carbonyl cyclohexenylation. Thus, carbonyl addition is achieved with equal facility from the aldehyde or alcohol
oxidation level. Regioisomeric 1,5-olefinic adducts are
formed as minor byproducts in all cases. Deuterium labelling
studies corroborate a catalytic mechanism wherein alcohol
dehydrogenation provides an iridium hydride, which upon
diene hydrometallation produces an allyl metal nucleophile.
These data do not exclude alternate pathways involving
diene–aldehyde oxidative coupling (Scheme 9).
Under the conditions of transfer hydrogenation employing [RuHCl(CO)(PPh3)3] as precatalyst, the acyclic conjugated dienes butadiene, isoprene and 2,3-dimethylbutadiene
couple to benzylic alcohols to furnish products of carbonyl
crotylation, carbonyl isoprenylation, and carbonyl reverse 2methyl-prenylation, respectively.[24a] In these reactions, the
presence of an acid co-catalyst (m-NO2BzOH) is essential as
only trace quantities of product are observed otherwise.
Additionally, exogenous acetone and phosphine ligand are
found to have benefical effects upon the efficiency of the
reaction. In all cases, efficient coupling is observed using only
250 mol % of the diene (Scheme 10, left). This first-generation
catalytic system also promotes coupling to simple unactivated
aliphatic alcohols, as demonstrated by the coupling of
isoprene to 1-nonanol in 65 % yield (Scheme 11). Related
diene–aldehyde couplings proceed efficiently using either
isopropyl alcohol or formic acid as terminal reductants
(Scheme 10, left). The branched regioselectivity observed in
these processes complements the linear regioselectivity
observed in related Ni-catalyzed diene–aldehyde reductive
2009 Wiley-VCH Verlag GmbH & Co. KGaA, Weinheim
Angew. Chem. Int. Ed. 2009, 48, 34 – 46
Angewandte
Catalytic Carbonyl Addition
Chemie
Scheme 9. Iridium catalyzed transfer hydrogenative coupling of 1,3-cyclohexadiene to aldehydes and alcohols.
Scheme 10. Left: Ruthenium catalyzed transfer hydrogenative coupling of acyclic dienes to alcohols and aldehydes to furnish homoallylic alcohols.
[a] Conditions A: no added ligand; conditions B: (p-MeOPh)3P (15 mol %) as ligand; conditions C: rac-binap (5 mol %) as ligand. Right:
Ruthenium catalyzed transfer hydrogenative coupling of acyclic dienes to alcohols and aldehydes to furnish b,g-unsaturated ketones. [b] Butadiene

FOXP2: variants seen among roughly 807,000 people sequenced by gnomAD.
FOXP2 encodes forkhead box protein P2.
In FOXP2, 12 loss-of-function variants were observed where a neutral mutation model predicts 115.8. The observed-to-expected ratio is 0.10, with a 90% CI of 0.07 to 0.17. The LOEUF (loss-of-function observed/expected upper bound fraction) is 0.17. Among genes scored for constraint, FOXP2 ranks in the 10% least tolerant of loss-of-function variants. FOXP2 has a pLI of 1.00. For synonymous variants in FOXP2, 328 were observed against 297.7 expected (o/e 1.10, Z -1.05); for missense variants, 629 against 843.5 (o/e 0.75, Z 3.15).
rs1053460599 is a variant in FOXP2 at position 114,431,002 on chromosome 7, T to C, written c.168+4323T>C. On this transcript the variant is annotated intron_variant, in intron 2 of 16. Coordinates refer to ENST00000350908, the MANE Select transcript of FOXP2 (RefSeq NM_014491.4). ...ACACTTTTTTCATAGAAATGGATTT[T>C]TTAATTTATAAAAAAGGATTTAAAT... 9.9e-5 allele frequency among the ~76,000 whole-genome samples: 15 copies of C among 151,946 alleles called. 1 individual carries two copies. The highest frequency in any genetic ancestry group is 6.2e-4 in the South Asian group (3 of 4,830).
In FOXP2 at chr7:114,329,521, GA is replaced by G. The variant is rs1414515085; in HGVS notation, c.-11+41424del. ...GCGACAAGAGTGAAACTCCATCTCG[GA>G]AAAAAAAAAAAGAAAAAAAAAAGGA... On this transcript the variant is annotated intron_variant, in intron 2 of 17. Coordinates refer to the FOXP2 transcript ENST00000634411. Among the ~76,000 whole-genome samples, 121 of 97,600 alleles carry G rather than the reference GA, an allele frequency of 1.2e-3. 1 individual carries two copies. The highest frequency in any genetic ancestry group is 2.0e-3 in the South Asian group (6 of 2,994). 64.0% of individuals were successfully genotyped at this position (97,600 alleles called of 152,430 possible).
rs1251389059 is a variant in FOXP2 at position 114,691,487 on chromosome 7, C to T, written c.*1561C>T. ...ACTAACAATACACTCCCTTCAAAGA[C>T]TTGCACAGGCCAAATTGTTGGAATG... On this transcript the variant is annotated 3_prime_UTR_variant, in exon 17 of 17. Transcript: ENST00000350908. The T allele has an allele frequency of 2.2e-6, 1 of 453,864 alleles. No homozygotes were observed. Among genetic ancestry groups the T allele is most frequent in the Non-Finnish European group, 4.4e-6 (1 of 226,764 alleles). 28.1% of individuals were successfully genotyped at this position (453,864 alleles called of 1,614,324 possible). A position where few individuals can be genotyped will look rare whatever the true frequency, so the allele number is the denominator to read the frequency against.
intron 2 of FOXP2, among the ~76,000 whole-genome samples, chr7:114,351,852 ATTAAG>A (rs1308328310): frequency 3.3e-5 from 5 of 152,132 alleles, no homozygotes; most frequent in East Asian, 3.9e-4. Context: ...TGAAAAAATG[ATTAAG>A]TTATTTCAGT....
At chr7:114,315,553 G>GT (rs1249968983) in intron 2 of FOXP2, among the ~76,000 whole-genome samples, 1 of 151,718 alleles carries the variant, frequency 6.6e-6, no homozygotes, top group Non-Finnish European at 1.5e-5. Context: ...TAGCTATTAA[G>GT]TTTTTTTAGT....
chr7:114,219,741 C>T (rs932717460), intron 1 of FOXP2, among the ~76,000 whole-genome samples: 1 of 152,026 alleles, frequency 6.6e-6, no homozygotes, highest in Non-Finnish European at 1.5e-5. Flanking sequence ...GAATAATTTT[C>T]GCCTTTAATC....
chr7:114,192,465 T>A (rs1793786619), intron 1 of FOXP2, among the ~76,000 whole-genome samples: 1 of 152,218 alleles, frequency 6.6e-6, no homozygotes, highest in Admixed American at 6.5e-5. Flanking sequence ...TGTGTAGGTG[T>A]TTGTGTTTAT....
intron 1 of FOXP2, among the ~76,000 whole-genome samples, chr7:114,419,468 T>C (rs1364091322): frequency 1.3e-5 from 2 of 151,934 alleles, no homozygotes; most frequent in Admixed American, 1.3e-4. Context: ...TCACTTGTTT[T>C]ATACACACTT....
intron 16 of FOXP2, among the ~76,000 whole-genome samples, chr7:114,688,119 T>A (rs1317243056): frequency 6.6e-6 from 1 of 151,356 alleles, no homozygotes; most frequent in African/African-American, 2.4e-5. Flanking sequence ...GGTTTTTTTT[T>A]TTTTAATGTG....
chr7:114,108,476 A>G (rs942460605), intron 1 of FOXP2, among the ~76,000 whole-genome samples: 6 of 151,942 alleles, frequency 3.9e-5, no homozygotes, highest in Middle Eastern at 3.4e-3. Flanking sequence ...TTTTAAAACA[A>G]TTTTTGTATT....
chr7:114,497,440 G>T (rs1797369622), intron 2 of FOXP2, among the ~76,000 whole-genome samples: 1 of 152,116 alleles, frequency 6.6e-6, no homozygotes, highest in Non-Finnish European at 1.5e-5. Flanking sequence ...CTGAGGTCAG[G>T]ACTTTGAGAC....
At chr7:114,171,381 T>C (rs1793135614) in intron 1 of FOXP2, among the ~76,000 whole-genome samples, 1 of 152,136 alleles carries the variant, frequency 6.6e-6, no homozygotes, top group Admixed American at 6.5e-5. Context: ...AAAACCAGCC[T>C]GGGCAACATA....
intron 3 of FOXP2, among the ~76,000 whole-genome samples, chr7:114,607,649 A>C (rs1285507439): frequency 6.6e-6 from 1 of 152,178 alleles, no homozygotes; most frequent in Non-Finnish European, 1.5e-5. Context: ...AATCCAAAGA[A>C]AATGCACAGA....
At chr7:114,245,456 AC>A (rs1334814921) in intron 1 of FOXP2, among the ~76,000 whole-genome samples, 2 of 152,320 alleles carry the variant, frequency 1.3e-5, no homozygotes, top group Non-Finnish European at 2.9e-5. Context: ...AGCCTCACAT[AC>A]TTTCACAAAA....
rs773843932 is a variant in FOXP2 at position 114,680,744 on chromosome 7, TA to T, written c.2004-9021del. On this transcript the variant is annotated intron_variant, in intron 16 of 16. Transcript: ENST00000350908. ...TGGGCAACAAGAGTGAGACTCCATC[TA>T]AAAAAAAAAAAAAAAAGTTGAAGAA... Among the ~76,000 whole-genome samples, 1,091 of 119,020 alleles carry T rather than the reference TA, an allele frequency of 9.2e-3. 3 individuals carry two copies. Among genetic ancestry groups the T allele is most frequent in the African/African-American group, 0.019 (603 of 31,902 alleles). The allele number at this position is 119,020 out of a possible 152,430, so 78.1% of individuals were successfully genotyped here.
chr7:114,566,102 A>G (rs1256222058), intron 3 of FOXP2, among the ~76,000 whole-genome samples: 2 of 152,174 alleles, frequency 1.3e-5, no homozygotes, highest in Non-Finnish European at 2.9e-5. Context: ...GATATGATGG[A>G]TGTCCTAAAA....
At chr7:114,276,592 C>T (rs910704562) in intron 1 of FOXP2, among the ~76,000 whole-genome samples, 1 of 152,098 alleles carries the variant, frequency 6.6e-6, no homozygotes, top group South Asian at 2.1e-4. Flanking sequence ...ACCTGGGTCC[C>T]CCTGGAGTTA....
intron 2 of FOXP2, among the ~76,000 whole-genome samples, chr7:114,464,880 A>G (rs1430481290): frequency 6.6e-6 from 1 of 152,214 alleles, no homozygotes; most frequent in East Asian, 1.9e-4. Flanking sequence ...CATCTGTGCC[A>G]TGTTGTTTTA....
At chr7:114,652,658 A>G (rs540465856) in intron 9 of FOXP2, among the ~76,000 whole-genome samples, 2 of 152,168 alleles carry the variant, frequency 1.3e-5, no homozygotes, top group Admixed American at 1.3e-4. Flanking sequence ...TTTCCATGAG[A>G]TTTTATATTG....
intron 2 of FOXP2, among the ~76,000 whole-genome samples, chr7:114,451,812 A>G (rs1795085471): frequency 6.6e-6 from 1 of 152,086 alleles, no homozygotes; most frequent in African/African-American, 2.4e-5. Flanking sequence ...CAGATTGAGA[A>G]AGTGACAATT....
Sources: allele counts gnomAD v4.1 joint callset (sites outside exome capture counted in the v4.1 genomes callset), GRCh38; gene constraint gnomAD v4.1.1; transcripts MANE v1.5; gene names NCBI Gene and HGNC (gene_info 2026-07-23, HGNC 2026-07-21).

(800 mol %), isoprene (250 mol %), 2,3-dimethylbutadiene (300 mol %). [c] The reaction product was contaminated with approximately 10 % of
the a,b-unsaturated ketone.
Scheme 11. Ruthenium catalyzed transfer hydrogenative coupling of
isoprene to an unactivated aliphatic alcohol.
couplings.[26, 27] Transfer hydrogenative diene–alcohol or diene–aldehyde couplings employing the more highly coordiAngew. Chem. Int. Ed. 2009, 48, 34 – 46
natively unsaturated ruthenium catalyst, [Ru(O2CCF3)2(CO)(PPh3)2],[28] induce further oxidation of the initially formed
homoallylic alcohol to furnish b,g-unsaturated ketones
(Scheme 10, right).[24b, 25] Thus, all oxidations levels of substrate (alcohol or aldehyde) and product (homoallyl alcohol
or b,g-unsaturated ketone) are accessible (Scheme 10).
The coupling of isoprene to [D2]benzyl alcohol results in
transfer of a benzylic deuteride to the allylic methyl (19 % 2H)
and allylic methine (32 % 2H). These data suggest reversible
hydrometallation of the less substituted olefin to form the
2009 Wiley-VCH Verlag GmbH & Co. KGaA, Weinheim
www.angewandte.org
39
Minireviews
M. J. Krische et al.
secondary s-allyl species. Isomerization to the more stable
primary s-allyl haptomer precedes carbonyl addition, which
occurs with allylic inversion through a six-centered transition
state to deliver, upon protonolysis, the product of carbonyl
allylation. Similarly, in aldehyde couplings employing
[D8]isopropyl alcohol as the terminal reductant, deuterium
incorporation is observed at the allylic methyl (19 % 2H) and
allylic methine (10 % 2H) (Scheme 12).